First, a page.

The heinous sound of an alarm clock at an hour so early it shouldn’t be named.
He had given himself extra time. Matt had hoped, anxiously, as he was trying to get to sleep, that this fluke would rectify itself in the morning. But just in case, he had allotted himself two hours before class for the attempt.
Late last night, after clearing off his desk, he lay in bed, waiting for sleep. His eyes didn’t want to close. He shifted every few minutes, forcing himself to appear asleep, in case simply making himself look like a corpse would will his body into drowsiness. ‘I should be asleep,’ he thought. ‘I have a lot to do tomorrow. I need to wake up early!’ The anxiety crept in. He checked the clock. ‘Well, now I only have 6 hours of sleep. Great.’ He waited anxiously for sleep to come. But sleep doesn’t come when you’re anxious. A watched pot never boils.
Eventually, inevitably, he fell asleep. And now it was morning.
The red stapler glared at him, angling the early sunlight off of its shiny curved surface and onto the wall by his face. It was inviting him, mocking him.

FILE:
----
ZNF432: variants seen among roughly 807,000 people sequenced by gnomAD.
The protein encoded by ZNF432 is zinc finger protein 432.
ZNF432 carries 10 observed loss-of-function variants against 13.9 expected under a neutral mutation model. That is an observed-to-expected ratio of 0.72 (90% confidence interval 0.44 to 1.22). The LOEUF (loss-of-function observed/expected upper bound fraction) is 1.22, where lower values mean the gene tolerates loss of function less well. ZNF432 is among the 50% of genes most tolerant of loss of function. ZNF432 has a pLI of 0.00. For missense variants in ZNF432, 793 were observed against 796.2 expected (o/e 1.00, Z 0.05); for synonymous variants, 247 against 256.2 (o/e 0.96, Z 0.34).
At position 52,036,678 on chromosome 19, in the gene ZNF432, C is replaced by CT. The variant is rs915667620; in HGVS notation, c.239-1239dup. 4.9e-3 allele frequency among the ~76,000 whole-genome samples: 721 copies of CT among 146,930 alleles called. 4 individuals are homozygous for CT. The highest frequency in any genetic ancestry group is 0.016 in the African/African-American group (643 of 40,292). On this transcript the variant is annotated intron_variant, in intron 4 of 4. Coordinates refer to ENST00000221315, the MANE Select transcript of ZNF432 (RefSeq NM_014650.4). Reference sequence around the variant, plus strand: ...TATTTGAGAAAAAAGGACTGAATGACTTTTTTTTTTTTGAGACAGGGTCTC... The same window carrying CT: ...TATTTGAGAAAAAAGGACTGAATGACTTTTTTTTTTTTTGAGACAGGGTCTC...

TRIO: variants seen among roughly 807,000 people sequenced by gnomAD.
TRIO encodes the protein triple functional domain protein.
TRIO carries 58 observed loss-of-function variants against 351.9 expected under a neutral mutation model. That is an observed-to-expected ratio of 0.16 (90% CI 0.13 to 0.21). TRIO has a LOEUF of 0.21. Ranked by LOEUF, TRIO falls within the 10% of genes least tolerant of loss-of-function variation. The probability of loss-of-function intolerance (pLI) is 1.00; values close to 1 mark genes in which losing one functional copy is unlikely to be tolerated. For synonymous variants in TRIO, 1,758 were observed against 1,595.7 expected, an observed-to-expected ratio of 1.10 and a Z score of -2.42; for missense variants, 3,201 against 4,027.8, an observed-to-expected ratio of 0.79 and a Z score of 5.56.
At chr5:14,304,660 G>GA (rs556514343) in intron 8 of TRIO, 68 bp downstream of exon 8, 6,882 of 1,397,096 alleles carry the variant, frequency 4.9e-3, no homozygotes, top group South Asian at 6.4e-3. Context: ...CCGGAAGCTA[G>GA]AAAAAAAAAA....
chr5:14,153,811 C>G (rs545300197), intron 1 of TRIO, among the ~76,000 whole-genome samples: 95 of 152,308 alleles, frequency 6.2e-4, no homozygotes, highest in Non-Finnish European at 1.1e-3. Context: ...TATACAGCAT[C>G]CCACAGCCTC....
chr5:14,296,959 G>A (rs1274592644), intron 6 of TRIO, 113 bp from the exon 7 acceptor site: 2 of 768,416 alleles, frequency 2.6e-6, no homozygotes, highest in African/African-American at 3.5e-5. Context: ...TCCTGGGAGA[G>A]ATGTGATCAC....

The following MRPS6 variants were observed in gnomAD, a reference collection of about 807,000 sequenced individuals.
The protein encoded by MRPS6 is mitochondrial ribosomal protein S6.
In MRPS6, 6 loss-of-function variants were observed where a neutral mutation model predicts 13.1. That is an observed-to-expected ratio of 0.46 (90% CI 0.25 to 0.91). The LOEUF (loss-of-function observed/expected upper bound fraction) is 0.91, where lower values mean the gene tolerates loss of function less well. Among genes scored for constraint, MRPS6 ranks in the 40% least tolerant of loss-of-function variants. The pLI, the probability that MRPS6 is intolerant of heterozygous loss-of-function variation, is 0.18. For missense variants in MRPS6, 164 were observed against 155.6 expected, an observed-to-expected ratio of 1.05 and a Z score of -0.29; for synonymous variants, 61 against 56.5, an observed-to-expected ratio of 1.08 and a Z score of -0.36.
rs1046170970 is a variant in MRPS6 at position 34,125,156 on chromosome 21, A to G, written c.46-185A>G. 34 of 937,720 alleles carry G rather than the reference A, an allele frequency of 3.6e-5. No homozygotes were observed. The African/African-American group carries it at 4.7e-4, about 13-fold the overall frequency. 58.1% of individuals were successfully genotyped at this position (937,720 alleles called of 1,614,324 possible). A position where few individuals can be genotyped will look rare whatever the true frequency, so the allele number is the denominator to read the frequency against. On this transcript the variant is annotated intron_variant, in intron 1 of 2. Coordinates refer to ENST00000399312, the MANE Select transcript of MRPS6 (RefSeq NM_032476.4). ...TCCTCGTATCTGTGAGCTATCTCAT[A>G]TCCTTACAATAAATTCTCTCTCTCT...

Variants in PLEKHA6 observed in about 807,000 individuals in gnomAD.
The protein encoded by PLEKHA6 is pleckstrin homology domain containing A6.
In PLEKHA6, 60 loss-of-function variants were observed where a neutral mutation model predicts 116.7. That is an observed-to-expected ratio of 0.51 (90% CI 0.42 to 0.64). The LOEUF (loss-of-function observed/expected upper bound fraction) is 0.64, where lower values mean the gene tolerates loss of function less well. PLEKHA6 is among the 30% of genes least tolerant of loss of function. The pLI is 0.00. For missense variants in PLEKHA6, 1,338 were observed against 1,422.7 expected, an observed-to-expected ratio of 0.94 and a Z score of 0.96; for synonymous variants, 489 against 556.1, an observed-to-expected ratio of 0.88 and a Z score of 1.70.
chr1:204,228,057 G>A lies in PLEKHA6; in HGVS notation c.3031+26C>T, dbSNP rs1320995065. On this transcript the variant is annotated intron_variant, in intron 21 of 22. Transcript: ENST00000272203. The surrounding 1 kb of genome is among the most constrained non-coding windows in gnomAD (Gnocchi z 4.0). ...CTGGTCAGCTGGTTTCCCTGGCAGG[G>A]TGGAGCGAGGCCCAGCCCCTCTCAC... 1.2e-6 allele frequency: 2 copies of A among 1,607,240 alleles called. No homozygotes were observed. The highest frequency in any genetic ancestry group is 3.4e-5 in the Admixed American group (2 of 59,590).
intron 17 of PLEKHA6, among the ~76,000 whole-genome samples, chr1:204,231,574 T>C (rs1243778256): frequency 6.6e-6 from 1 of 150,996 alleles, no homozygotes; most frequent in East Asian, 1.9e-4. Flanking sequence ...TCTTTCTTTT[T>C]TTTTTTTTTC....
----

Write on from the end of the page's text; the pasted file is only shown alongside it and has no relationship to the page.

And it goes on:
Matt padded across the floor to the desk, ignoring the taste in his mouth telling him to brush his teeth because he just woke up. He slid open the drawer and dragged his nine pages out of its depths. He placed the paper in his left hand, stapler in his right.
Three more tries. One fruitlessly hit air; the other two were nearly-bloody technical failures.
This was getting ridiculous. He couldn’t remember this ever being a problem before. He had stapled millions of things in his life! Hadn’t he? Matt thought back to school projects in elementary school and book reports in middle school. He had the memories- he even remembered the feel of spongy construction paper between the cool metal of the classroom stapler. The satisfying ‘thunk’ it made when he leaned on it, the success of the staple’s closure.
So what was different now?